'Killers of the Flower Moon' is Going to Win Best Picture | Awards Insights
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‘Killers of the Flower Moon’ is Going to Win Best Picture

‘Killers of the Flower Moon’ is Going to Win Best Picture

Though it was never intentional, attempting to call the season’s eventual Best Picture winner in December has become a tradition for me. Last year, however, it was a lot easier. Everything Everywhere All at Once was the clear winner throughout the season and it had little real competition. This year, I can see compelling cases for three films: Killers of the Flower Moon, Oppenheimer, and Poor Things. I can envision worlds where all three of these films could eventually win Oscar’s top prize. Of course, only one film can triumph, and I think it will be Martin Scorsese’s Killers of the Flower Moon.

As I’ve mentioned in multiple previous posts, the modern Best Picture winner is one that can both garner broad audience support and be socioculturally relevant. All three films fit these two requirements. All three films have IMDb scores of at least 7.9, Letterboxd scores of at least 4.2, and Metascores of at least 87. ‘Killers’ is about American imperialism and the racism and inequity woven into the fabric of the country’s history. Oppenheimer is an anti-war film that despairs over the nuclear age the world has been thrust into. Poor Things deals with womanhood, femininity, and coming into one’s own individuality despite rigid societal pressures. All relevant messages, though of the three, expect ‘Killers’ and Poor Things to be praised more for their social commentary than Oppenheimer.

‘Oppenheimer’ (Universal)

Oppenheimer does consider the consequences of its titular character’s actions. The physicist’s guilt is the emotional and psychological core of the film. Cillian Murphy’s J. Robert Oppenheimer is a man wracked with immense guilt over the destruction, death, and devastation he had a major hand in causing. The film is critical of the American government and what it did during and after its attacks on Hiroshima and Nagasaki. However, the film has and will be criticized for its lack of Japanese voices. Yes, in the film, when the news of the bomb’s deployment reaches Oppenheimer, we hear the cries of those in the midst of a nuclear attack. But many argue the film fails to “fully grapple with the destructive reality of the attacks on Hiroshima and Nagasaki”. Additionally, by creating this film, intentionally or unintentionally, Nolan has made the man responsible for the creation of the atomic bomb something between a hero and a pop culture phenomenon, which leaves a bad taste in many mouths of those who abhor the human devastation Oppenheimer’s actions wreaked on the world. Yes, Best Picture winners have been controversial, Green Book is one of the most recent examples of this. But unlike Green Book which had major supporters behind it like Octavia Spencer that helped relieve some Academy members’ concerns over it being problematic, Oppenheimer does not have any Japanese voices behind or in front of the camera in a major way.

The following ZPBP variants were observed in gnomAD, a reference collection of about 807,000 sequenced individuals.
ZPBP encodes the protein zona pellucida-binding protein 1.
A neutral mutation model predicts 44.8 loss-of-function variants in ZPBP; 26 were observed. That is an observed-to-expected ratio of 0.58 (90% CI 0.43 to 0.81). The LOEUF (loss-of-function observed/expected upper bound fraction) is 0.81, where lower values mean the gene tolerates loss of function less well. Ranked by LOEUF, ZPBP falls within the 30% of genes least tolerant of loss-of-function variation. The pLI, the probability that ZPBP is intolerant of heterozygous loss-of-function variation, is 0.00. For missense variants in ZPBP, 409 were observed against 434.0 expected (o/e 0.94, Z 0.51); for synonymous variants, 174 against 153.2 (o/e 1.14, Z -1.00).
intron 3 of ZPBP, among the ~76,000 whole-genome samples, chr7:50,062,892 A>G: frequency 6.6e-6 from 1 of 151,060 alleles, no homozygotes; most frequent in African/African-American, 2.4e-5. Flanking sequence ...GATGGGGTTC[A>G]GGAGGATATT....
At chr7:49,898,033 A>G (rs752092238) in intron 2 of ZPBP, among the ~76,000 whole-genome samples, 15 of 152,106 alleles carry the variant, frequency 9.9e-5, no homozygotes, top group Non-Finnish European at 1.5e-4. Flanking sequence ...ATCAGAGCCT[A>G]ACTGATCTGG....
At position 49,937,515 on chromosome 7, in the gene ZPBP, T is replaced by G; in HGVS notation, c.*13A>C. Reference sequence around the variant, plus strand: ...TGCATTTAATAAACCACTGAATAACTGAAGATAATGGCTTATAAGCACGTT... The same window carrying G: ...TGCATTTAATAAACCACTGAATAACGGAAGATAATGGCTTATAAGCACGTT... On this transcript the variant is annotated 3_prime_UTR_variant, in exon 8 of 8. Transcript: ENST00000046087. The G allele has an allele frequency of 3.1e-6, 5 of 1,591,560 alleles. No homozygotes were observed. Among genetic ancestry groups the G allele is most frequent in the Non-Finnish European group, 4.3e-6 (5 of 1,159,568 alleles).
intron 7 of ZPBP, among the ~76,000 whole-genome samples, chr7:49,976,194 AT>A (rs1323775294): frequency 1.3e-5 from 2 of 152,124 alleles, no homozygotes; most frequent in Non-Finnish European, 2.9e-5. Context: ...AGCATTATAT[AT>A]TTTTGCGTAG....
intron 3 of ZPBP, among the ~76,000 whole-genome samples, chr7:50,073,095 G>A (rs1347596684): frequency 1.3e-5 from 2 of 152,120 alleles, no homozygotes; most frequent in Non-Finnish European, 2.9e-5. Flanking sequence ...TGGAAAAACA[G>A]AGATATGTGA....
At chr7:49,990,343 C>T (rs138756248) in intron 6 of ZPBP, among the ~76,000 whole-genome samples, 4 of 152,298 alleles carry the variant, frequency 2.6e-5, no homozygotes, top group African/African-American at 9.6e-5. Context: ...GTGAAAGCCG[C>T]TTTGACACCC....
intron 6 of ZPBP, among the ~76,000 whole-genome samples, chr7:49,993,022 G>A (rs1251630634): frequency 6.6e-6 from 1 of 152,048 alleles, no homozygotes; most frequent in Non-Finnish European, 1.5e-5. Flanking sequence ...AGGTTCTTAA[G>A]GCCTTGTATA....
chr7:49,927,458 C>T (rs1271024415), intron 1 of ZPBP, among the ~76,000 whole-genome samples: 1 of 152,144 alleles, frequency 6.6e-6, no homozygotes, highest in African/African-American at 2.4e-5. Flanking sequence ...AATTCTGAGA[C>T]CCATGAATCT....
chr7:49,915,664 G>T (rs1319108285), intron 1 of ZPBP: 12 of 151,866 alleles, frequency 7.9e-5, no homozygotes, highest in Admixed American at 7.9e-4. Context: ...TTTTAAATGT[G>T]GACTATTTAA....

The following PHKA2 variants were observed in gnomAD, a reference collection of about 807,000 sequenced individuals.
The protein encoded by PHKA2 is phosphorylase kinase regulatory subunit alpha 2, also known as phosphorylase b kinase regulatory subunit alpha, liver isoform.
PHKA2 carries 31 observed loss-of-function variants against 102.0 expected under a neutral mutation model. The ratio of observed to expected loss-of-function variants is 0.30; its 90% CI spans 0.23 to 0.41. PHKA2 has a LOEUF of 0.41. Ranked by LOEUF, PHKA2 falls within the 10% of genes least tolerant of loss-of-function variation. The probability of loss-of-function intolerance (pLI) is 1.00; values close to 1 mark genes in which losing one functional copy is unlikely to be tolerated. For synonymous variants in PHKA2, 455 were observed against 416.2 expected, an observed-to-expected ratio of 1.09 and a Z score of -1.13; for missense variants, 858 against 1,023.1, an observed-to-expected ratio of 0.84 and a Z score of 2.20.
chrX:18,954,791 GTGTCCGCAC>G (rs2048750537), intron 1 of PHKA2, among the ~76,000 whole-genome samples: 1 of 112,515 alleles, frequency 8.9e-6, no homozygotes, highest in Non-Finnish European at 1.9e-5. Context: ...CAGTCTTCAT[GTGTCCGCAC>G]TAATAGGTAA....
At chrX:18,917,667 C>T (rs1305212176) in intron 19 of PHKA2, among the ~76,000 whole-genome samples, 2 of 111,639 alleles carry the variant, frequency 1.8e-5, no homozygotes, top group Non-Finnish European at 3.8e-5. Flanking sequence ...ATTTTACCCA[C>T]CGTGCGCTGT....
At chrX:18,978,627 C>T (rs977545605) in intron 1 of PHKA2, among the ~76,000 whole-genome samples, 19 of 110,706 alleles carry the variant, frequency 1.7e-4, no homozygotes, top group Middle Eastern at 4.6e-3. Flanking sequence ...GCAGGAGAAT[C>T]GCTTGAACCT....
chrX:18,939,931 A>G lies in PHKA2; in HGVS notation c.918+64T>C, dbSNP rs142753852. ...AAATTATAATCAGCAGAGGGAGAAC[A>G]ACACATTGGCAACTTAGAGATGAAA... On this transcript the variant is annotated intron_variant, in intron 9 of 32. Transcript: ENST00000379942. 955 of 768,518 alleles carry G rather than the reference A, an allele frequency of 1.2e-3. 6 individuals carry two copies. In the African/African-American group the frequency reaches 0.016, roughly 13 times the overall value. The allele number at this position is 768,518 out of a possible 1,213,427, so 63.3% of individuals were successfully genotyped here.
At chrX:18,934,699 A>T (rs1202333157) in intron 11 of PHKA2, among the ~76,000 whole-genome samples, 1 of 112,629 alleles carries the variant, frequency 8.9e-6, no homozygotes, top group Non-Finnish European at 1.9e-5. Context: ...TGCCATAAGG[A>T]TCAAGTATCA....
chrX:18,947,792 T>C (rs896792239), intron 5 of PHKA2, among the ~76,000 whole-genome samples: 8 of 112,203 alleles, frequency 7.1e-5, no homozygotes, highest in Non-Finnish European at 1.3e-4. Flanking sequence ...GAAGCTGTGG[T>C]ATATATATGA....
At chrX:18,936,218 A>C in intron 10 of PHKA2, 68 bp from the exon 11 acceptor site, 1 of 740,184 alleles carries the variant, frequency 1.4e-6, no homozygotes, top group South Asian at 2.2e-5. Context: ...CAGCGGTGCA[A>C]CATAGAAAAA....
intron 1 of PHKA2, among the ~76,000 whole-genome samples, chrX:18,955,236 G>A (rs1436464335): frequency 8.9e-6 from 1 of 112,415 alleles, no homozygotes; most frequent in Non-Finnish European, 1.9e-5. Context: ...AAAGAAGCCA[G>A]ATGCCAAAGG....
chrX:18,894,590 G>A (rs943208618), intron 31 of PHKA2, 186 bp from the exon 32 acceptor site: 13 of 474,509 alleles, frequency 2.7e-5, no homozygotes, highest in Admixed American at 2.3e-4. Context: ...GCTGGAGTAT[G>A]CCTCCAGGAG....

‘Killers of the Flower Moon’ (Apple TV+)

In contrast to Oppenheimer, Killers of the Flower Moon is a three-hour historical drama from one of the most-acclaimed filmmakers of the 21st century that DOES attempt to directly confront American atrocities. The indigenous people of the United States are at the heart of this film. They’re behind the camera, they’re in front of the camera, and they’re at the very heart of this film. The film ultimately serves as a plea to tell the stories of American history not as riveting sensationalia but as what they are: atrocities against human beings. That, however, doesn’t mean that the film is without controversy. The film has been criticized for centering Leonardo DiCaprio’s Ernest Burkhart as the main focus of the film instead of Lily Gladstone’s Mollie or any of the other members of the Osage Nation who were directly affected by the murders.

‘Poor Things’ (Searchlight)

Essentially, both films have stirred controversy for centering white men with blood on their hands at the core of narratives depicting the United States’ atrocities. If both films get embroiled in controversy, Yorgos Lanthimos’ Poor Things is exactly the kind of offbeat dark horse player that can rise to the top in their stead. However, I doubt that Killers of the Flower Moon will face as much criticism as Oppenheimer will. Like 2019’s Picture winner Green Book, 2018 contender Three Billboards Outside Ebbing, Missouri faced controversy for its story’s redemption of a racist character played by Sam Rockwell. However, unlike Green Book, ‘Billboards’ was not able to tread past its controversy into the sea of victory, in part due to the fact that the film featured predominantly white people in front of and behind the camera. Essentially, I believe Killers of the Flower Moon will have a much easier time staving off controversy than Oppenheimer will, but I think there’s a possibility Oppenheimer might just be too powerful and withstand any and all negative attention.